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#2 payner

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Posted 31 October 2019 - 06:38 PM

Enjoyed reading your comparison of these refractors and giving us your findings.


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#3 IMB

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Posted 31 October 2019 - 07:25 PM

Thank you very much for a thorough review.


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#4 aa6ww

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Posted 31 October 2019 - 07:30 PM

Thanks for the nice write up on the Starbase 80. I have a few questions regarding your comments.


Quote: CA was pronounced on Jupiter and Sirius and still pretty significant on Saturn and Vega. I don't mind CA to a certain extent, but I am very sensitive to it and this much color (the same as you will find in any decent 80mm f/10 to f/11 refractor) really kind of bugs me. I am used to my achromats being much slower and better corrected than this.


Question: What achromats specifically are you referring to which are slower and better corrected from this comment?



Quote: Handles magnification fairly well up to about 119x and then the images start to fall apart rapidly with increasing magnification. For an 80mm, this isn't too bad, almost 40x per inch which is pretty standard average for most inexpensive, mass produced telescopes.

Question: What objects are you observing where the image falls apart rapidly at 119x?



Quote: I compared it to a 76mm/1200 RAO (vintage achromat) and the AT80 (currently made ED apochromat) and both were very much superior to the Starbase in terms of optics, mechanics/tube assembly, and performance.

Question: What specifically makes your AT80 and 76mm/1200 RAO superior mechanically and have how are the tube assemblies superior to the Starbase 80?




Quote: The RAO had considerably better correction of SA, CA, etc. and delivers a textbook perfect star test. The RAO is also able to deliver sharper images up to much higher magnifications (I routinely use a 6mm for 200x on the moon and double stars with this) and it delivers higher contrast images.


Comments: I have an 80mm F/15, definitely agree on this, especially better contrast to shorter focal length refractors. I'm sure your 76 F/15 squashes your AT-80 in this regard also. I noticed you didn't mention that.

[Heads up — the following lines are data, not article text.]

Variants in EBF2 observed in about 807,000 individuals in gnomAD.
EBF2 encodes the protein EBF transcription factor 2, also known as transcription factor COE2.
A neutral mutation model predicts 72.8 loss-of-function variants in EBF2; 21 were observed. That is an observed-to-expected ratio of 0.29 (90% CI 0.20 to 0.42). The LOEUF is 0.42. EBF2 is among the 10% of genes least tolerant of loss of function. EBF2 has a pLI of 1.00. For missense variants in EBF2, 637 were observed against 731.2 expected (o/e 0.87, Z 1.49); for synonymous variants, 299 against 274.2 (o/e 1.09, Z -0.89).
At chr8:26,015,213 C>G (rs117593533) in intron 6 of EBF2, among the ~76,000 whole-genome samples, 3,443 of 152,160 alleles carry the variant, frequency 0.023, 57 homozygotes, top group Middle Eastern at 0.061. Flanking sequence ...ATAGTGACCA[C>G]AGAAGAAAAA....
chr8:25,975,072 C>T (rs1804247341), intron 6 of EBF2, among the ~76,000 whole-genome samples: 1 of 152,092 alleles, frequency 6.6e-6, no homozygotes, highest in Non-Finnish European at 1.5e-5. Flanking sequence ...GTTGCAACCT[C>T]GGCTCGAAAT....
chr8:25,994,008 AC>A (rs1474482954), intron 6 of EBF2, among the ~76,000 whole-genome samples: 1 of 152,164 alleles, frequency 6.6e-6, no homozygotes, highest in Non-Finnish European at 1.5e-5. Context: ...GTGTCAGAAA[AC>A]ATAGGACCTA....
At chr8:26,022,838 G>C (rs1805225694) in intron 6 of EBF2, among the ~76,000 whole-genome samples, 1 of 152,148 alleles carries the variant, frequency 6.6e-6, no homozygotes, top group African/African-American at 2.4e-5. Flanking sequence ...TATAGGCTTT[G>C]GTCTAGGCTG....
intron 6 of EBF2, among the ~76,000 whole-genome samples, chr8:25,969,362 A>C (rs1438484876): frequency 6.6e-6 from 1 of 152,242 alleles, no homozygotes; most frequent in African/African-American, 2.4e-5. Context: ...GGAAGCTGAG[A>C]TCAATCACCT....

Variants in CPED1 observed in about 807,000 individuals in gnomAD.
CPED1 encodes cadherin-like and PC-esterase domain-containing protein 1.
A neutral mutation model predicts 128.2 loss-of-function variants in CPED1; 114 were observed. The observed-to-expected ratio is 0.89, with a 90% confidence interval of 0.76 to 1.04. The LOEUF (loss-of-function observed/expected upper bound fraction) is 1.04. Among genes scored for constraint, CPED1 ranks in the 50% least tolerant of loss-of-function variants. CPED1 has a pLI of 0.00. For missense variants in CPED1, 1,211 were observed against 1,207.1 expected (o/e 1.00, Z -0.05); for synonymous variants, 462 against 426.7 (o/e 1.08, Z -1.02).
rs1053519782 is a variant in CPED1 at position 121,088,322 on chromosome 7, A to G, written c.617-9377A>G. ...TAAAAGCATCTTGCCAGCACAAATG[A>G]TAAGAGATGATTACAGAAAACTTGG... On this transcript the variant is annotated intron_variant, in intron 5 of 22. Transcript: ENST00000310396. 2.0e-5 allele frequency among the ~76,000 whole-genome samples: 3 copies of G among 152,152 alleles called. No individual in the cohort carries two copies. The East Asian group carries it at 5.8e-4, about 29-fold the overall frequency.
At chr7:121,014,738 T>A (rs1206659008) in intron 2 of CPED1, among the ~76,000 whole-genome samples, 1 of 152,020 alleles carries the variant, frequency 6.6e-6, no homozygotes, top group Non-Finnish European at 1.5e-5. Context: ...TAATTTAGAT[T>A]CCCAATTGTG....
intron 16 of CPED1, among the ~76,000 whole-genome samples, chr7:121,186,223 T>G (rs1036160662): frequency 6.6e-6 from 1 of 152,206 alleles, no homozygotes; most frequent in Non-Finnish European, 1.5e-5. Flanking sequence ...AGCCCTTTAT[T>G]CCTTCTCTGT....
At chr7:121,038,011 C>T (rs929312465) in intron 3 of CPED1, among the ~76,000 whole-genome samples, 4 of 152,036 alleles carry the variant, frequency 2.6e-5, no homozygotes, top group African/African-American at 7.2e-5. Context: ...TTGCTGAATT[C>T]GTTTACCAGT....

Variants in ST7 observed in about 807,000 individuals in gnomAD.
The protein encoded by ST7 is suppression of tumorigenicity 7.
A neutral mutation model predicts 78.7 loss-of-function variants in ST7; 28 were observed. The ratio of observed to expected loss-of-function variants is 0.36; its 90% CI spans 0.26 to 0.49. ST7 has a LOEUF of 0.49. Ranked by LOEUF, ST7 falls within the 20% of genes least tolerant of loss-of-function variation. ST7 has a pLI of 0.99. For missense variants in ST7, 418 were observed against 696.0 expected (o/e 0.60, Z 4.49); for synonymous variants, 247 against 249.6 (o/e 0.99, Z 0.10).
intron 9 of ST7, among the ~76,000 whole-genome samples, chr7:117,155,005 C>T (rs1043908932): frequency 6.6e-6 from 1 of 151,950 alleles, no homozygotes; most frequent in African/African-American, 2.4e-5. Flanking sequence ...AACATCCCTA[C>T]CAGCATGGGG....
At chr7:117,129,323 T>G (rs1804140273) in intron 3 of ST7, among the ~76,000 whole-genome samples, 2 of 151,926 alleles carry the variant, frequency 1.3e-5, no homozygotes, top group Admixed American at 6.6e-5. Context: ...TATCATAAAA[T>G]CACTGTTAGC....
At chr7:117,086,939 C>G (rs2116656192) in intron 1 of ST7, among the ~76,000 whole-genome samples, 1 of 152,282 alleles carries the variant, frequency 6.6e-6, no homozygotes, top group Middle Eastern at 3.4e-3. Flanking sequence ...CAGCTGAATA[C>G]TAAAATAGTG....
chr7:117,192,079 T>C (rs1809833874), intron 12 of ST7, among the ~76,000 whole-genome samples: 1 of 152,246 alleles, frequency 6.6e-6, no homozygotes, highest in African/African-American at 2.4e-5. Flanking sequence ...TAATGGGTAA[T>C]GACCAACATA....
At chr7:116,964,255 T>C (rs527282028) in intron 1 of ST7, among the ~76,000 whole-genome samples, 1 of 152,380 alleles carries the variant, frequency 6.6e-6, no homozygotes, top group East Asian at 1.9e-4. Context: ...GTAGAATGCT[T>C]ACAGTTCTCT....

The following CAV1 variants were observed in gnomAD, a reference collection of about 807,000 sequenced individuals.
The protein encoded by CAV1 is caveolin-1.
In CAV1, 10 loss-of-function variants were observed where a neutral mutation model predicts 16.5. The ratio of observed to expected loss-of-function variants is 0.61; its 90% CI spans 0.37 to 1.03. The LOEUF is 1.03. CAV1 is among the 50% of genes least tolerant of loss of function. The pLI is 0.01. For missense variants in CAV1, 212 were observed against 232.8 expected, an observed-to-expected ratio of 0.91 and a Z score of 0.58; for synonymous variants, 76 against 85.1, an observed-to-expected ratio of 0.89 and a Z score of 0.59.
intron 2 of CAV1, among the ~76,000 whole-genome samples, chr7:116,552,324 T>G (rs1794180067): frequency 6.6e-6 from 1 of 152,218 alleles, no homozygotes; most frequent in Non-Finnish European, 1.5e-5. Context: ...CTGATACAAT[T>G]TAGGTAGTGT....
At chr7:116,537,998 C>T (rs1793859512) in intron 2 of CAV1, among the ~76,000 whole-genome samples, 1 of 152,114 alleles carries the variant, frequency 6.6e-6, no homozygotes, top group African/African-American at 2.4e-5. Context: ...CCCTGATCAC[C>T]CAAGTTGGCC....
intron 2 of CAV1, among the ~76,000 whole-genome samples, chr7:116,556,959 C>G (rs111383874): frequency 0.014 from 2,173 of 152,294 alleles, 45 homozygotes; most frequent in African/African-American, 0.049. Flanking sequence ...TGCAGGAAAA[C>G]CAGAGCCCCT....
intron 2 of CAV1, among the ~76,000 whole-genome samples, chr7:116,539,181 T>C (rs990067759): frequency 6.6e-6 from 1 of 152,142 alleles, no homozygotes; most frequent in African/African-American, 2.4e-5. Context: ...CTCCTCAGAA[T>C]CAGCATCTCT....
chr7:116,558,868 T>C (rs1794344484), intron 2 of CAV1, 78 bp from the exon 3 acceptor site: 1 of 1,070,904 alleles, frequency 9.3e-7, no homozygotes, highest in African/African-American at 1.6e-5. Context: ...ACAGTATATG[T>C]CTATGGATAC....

Quote: All scopes were allowed to completely reach thermal equilibrium, the seeing out here on the coast for the last week has been absolutely exceptional, all scopes were in collimation (checked several times to make sure), and the same diagonal was used in all scopes. Eyepieces were the same where possible, but I did have to substitute different focal lengths of the same brand/design to get approximately the same magnifications across all scopes for comparing. The eyepieces are known quantities I have been using for years and feel comfortable those chosen were delivering the same quality of images across all three scopes.

Question: Were these tests all side by side tests on the same night?


Quote: It's a good, basic achromat in a gorgeous tube assembly. Unfortunately, most definitely not anything special. If you're looking for an exceptional achromatic doublet, you will do much better with a vintage refractor like a Royal Astro Optical, Unitron, etc. If you want something in a smaller package with better correction or a good scope for a beginner, then the AT72EDII or the AT80 are much better scopes.


Comments: Not many people want an 75-80mm F/15 Achromat. I do, its the only Achromat I have, my 80mm F/15. It has a 2" focuser.
I had a beautiful Vixen 80mm F11 Custom I sold this year. I just had too many scopes and sold all my achromats for triplets and doublets. I regret selling my white tube Vixen, it was an exceptional Japaneese scope from the 1980's and had a 2" Focuser.

Thanks for the review. It still seems like an exceptional 80mm F/11 Achromat but they should sell it as an OTA only. I bet one wouldn't last a day if it came up for sale on CN. Fortunately, my AT-92 fills my needs for a scope of that size and makes for a very nice piggy back scope on my and C11 also. These are still small aperture scopes for plinkling. Nothing too serious but definitely lots of fun. I'm a big fan of small refractors under 4"

...Ralph

Edited by aa6ww, 31 October 2019 - 07:31 PM.

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#5 Redbetter

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Posted 01 November 2019 - 05:21 AM